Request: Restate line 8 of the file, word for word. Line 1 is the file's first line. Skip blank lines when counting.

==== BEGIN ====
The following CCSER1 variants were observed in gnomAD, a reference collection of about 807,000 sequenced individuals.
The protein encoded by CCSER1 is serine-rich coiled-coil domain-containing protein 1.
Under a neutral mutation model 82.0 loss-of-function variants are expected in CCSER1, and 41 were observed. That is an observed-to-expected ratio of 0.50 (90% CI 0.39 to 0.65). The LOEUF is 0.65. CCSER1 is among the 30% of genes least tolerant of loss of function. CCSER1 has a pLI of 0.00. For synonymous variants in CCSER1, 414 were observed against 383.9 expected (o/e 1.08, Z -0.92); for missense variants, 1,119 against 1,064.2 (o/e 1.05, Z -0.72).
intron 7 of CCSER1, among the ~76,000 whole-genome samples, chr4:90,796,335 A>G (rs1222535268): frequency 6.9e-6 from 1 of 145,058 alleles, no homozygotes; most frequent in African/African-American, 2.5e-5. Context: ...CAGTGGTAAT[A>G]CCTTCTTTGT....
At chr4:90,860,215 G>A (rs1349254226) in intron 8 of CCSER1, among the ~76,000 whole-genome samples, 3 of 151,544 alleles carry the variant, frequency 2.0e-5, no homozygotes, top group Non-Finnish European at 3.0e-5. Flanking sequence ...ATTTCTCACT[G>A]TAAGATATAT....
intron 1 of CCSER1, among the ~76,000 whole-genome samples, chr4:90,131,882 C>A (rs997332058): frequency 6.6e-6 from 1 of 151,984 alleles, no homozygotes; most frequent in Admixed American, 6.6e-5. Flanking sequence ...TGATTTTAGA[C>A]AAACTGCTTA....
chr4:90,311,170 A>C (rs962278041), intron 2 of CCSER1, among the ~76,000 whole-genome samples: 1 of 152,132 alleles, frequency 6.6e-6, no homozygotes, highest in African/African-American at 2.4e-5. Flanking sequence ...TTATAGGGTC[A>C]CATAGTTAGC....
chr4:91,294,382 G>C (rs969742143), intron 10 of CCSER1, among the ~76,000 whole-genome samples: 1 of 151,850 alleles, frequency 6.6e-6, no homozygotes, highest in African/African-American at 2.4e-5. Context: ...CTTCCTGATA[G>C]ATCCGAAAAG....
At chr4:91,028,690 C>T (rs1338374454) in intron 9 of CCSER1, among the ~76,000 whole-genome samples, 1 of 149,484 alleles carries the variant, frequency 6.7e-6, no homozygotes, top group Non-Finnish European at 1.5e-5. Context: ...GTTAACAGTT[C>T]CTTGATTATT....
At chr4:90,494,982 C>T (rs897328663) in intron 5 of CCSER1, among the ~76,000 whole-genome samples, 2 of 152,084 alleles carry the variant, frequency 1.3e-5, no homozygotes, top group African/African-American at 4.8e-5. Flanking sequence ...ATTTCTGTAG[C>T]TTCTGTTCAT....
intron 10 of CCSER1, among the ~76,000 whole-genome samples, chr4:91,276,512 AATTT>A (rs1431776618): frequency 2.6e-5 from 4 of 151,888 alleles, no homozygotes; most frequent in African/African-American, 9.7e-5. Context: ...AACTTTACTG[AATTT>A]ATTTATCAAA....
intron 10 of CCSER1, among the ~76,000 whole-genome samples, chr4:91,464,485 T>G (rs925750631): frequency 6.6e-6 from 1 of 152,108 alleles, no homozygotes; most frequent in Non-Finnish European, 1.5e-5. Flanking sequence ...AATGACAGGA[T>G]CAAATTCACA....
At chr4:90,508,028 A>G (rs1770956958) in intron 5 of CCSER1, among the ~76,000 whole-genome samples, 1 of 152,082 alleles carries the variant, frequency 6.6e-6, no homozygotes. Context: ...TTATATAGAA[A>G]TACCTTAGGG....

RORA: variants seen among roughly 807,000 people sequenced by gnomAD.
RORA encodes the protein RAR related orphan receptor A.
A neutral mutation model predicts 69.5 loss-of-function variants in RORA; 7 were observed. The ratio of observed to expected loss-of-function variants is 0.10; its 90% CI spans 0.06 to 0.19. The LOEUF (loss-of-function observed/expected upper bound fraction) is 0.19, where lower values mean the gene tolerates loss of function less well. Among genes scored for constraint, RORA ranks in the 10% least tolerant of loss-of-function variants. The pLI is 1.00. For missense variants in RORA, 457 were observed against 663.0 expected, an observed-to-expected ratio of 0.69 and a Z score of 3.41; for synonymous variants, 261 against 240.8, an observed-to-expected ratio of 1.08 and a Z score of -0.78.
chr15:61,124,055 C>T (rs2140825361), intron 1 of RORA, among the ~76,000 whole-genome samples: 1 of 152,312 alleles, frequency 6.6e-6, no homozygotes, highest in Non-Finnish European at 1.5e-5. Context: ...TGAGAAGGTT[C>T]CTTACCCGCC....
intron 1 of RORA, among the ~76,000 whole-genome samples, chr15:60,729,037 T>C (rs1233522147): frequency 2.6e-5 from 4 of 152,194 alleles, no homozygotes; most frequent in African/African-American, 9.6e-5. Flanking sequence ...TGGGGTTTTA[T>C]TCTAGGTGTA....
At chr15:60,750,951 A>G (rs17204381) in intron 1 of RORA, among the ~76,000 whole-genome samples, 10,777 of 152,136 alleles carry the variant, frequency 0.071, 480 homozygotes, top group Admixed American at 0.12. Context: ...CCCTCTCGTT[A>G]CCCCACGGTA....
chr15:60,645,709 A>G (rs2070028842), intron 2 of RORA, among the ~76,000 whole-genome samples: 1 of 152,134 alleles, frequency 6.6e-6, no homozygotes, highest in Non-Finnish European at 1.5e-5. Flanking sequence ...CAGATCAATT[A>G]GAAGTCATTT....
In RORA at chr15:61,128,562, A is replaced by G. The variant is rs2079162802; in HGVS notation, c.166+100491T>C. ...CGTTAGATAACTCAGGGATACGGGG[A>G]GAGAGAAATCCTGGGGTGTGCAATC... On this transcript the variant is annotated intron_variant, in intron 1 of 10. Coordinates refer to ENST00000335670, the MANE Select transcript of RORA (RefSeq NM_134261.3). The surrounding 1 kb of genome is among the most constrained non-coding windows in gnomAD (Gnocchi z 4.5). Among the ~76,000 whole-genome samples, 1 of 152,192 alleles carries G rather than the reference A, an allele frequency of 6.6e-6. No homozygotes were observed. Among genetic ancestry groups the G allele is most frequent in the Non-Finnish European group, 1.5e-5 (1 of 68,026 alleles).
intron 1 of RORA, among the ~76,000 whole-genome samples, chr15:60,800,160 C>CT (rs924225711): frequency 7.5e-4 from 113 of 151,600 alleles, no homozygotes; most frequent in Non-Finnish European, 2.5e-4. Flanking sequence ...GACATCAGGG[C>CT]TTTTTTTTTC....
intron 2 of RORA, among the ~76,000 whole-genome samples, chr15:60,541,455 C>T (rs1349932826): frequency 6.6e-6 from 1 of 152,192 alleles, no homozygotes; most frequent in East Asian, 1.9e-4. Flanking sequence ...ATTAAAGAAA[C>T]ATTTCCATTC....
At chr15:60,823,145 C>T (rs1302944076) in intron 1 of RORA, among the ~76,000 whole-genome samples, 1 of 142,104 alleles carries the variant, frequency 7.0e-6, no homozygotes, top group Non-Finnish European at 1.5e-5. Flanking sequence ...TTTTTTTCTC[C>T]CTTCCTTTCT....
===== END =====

chr4:91,294,382 G>C (rs969742143), intron 10 of CCSER1, among the ~76,000 whole-genome samples: 1 of 151,850 alleles, frequency 6.6e-6, no homozygotes, highest in African/African-American at 2.4e-5. Context: ...CTTCCTGATA[G>C]ATCCGAAAAG....